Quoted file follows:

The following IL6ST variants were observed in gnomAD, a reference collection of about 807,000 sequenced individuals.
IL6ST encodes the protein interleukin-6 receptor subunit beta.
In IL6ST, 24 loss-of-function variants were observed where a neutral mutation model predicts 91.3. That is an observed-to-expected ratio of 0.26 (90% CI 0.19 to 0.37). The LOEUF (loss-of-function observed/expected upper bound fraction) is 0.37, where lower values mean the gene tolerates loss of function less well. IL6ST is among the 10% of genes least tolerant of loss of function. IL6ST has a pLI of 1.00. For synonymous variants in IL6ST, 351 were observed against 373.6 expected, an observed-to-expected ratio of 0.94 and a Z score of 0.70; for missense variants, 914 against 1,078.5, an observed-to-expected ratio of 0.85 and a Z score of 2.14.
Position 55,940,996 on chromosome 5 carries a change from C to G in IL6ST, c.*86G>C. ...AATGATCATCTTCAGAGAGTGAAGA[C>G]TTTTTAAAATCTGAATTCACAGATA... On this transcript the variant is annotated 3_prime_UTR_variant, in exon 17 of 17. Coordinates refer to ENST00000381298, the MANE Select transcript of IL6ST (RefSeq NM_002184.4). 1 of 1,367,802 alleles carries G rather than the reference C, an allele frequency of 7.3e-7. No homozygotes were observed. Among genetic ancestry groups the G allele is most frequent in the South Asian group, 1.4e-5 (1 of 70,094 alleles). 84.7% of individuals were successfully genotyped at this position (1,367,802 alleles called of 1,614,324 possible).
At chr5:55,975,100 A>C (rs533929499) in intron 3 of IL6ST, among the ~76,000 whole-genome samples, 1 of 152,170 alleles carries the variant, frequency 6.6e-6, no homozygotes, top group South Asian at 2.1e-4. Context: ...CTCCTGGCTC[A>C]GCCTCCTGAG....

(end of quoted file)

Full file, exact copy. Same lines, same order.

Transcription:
The following IL6ST variants were observed in gnomAD, a reference collection of about 807,000 sequenced individuals.
IL6ST encodes the protein interleukin-6 receptor subunit beta.
In IL6ST, 24 loss-of-function variants were observed where a neutral mutation model predicts 91.3. That is an observed-to-expected ratio of 0.26 (90% CI 0.19 to 0.37). The LOEUF (loss-of-function observed/expected upper bound fraction) is 0.37, where lower values mean the gene tolerates loss of function less well. IL6ST is among the 10% of genes least tolerant of loss of function. IL6ST has a pLI of 1.00. For synonymous variants in IL6ST, 351 were observed against 373.6 expected, an observed-to-expected ratio of 0.94 and a Z score of 0.70; for missense variants, 914 against 1,078.5, an observed-to-expected ratio of 0.85 and a Z score of 2.14.
Position 55,940,996 on chromosome 5 carries a change from C to G in IL6ST, c.*86G>C. ...AATGATCATCTTCAGAGAGTGAAGA[C>G]TTTTTAAAATCTGAATTCACAGATA... On this transcript the variant is annotated 3_prime_UTR_variant, in exon 17 of 17. Coordinates refer to ENST00000381298, the MANE Select transcript of IL6ST (RefSeq NM_002184.4). 1 of 1,367,802 alleles carries G rather than the reference C, an allele frequency of 7.3e-7. No homozygotes were observed. Among genetic ancestry groups the G allele is most frequent in the South Asian group, 1.4e-5 (1 of 70,094 alleles). 84.7% of individuals were successfully genotyped at this position (1,367,802 alleles called of 1,614,324 possible).
At chr5:55,975,100 A>C (rs533929499) in intron 3 of IL6ST, among the ~76,000 whole-genome samples, 1 of 152,170 alleles carries the variant, frequency 6.6e-6, no homozygotes, top group South Asian at 2.1e-4. Context: ...CTCCTGGCTC[A>C]GCCTCCTGAG....